Baku rules out F1 race date swap with Turkish GP

The Azerbaijan Grand Prix has ruled out a date swap with Turkey to help resolve Formula 1’s current travel headache due to its Euro 2020 hosting commitments.

Turkey was added to the 2021 calendar as a replacement for the cancelled Canadian Grand Prix at the end of April, taking the June 13 date slot, one week after the Azerbaijan race in Baku.

But fresh doubts were raised of the race after Turkey was added to the UK’s ‘red list’ for travel, meaning anyone returning to the UK would have to complete a 10-day quarantine in a government-approved hotel. 

One suggested solution was a date swap for Azerbaijan and Turkey, ensuring that UK-based staff would be able to spend enough time outside of Turkey before returning home to avoid the 10-day quarantine.

But Baku City Circuit executive director Arif Rahimov said a date swap was not feasible given Baku would be hosting a UEFA Euro 2020 match the following weekend.

Wales will play Switzerland at the Olympic Stadium in Baku on 12 June, in the first of five games the city will host of the delayed football tournament.

“There were talks, but in our case, our race weekend is really fixed,” Rahimov told select media including Motorsport.com in a media briefing on Wednesday.

“It was kind of squeezed in-between all the other events happening in the city, because the football is still going ahead.

“The first game will be on June 12, which is on the Saturday following the race weekend. So there is not much that we can do in terms of we’re not very flexible this year.

“I guess if it was any other year where we’re the only major event on the calendar of Baku, then yeah, that could have been an option. But not this year.”

Read Also:

F1 is still evaluating options for the Turkish Grand Prix and potential replacements, including the staging of an additional event at one of the existing European rounds.

Azerbaijan will return to the F1 calendar this year following the cancellation of last year’s race due to the COVID-19 pandemic, but announced in March that it would run the race without spectators.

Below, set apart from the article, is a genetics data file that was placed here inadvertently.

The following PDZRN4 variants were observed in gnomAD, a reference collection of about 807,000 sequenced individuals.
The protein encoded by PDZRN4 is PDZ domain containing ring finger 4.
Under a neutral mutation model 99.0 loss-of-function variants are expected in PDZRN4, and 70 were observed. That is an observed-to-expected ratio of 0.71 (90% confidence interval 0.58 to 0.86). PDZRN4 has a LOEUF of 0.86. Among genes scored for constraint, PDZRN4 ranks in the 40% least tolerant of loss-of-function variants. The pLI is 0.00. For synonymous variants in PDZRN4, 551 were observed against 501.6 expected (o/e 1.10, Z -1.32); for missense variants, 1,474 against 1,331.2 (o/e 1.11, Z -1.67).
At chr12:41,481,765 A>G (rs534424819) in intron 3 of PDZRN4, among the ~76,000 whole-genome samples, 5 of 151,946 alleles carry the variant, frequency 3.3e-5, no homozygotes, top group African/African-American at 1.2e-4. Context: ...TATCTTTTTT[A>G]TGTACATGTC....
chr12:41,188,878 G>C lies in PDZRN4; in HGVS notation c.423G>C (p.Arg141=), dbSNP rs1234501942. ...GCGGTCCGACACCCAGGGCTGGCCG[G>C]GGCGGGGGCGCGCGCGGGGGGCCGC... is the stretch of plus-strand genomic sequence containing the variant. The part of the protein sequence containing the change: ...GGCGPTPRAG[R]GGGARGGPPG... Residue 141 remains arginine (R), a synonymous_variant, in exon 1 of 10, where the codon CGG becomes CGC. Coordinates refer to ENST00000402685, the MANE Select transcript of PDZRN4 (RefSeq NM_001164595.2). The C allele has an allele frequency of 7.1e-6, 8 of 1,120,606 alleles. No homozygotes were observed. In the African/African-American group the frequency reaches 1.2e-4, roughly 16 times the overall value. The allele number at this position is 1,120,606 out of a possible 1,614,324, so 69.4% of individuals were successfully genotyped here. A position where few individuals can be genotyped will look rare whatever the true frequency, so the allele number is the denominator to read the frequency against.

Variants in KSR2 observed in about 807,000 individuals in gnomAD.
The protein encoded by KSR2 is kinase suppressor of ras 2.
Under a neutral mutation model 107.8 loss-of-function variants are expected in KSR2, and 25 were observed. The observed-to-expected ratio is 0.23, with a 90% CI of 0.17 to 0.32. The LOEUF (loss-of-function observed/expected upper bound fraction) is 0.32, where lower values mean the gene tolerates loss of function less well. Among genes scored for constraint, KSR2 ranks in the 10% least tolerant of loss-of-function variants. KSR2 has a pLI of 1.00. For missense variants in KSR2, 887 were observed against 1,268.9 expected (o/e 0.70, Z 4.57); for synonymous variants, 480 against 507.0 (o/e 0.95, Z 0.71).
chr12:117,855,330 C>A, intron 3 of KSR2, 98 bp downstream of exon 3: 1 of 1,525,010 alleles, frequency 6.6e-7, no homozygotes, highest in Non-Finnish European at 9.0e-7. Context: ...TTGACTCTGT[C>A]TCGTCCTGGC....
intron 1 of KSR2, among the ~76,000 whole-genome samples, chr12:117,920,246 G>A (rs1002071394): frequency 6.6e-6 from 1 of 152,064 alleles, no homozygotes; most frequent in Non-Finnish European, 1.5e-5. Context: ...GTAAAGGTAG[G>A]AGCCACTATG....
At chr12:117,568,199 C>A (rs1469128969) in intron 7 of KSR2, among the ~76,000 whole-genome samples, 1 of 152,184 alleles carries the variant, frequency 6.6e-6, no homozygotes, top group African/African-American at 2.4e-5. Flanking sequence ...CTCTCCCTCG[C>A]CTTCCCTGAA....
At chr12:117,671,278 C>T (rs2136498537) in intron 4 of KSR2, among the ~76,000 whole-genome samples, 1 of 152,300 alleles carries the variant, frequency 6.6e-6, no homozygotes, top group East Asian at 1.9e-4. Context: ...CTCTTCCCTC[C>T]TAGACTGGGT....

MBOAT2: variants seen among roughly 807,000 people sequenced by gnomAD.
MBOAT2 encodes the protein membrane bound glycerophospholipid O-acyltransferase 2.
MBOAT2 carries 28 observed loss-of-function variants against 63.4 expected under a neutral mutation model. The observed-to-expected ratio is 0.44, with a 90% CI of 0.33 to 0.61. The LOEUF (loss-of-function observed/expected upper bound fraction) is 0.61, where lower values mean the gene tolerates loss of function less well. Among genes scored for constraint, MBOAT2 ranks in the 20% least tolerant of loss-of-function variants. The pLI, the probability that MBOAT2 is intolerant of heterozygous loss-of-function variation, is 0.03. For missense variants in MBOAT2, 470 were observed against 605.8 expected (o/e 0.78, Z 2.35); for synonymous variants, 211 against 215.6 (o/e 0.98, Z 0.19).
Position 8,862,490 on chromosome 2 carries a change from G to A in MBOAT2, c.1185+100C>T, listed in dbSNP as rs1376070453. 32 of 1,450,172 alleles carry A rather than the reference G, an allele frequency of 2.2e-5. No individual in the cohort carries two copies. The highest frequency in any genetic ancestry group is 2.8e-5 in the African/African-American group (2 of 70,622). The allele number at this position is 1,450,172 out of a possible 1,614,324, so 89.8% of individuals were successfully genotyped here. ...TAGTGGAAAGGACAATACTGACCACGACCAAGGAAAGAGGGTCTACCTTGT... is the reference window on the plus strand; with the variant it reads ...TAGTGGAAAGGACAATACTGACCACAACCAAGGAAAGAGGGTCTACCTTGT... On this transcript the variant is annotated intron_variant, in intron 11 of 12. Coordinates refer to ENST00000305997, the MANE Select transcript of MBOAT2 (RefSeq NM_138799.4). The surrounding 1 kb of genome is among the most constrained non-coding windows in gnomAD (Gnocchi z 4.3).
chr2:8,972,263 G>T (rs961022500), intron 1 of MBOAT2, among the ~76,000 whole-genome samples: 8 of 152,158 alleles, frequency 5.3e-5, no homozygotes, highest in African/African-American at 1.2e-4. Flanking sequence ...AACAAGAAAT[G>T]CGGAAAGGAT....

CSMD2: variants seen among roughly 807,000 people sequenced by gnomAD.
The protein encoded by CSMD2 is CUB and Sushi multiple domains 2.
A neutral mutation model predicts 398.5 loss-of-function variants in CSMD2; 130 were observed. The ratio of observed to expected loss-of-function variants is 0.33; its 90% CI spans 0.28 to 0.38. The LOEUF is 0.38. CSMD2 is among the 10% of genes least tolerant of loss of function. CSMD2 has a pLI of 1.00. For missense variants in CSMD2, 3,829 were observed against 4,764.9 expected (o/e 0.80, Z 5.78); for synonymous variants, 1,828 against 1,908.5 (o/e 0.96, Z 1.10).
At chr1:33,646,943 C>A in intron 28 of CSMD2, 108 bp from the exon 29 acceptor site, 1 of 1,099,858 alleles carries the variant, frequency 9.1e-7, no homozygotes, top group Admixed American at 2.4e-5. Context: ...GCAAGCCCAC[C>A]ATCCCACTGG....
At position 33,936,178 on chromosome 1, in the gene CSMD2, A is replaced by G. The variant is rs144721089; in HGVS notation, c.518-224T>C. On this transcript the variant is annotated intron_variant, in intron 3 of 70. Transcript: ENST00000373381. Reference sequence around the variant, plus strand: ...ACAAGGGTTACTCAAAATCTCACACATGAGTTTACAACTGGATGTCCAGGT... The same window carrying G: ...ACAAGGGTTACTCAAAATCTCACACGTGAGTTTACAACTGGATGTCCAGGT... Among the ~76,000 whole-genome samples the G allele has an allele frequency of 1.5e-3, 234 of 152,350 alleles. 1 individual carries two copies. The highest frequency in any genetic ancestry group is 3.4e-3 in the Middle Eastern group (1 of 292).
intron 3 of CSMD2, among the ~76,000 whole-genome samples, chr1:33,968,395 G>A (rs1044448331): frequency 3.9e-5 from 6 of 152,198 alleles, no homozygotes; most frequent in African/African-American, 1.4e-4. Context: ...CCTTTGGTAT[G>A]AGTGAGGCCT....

Rahimov explained that the organisers in Baku were left with “doing 40% of the work” due to the sizeable number of fan events typically put on surrounding the race.

“We’ve done so many things for them in previous years, all the entertainments along the promenade,” Rahimov said.

“We’ve done concerts, we usually do three concerts every year, just for the race, doing afterparties, and pit lane walks, you name it, there’s a lot of stuff to be done for the spectators, which we’re not doing this year.

“The only thing left is obviously taking care of things during the pandemic, and making sure that everyone is safe. That corresponds to people working for the circuit, like our contractors and all the stakeholders.

“For that, we’re taking the usual precautions, wearing masks, personal hygiene, all those things mandated by WHO and in our country.

“I wouldn’t say it’s complicated. It’s just different, unfortunately to the worse side.”

shares
comments

Related video

Why F1’s flexi wing tricks are a never ending problem for the FIA

Previous article

Why F1’s flexi wing tricks are a never ending problem for the FIA

Next article

Perez: Compressed practice time hindering 2021 progress

Perez: Compressed practice time hindering 2021 progress
Load comments
The joy that exposes F1’s key weakness Prime

The joy that exposes F1’s key weakness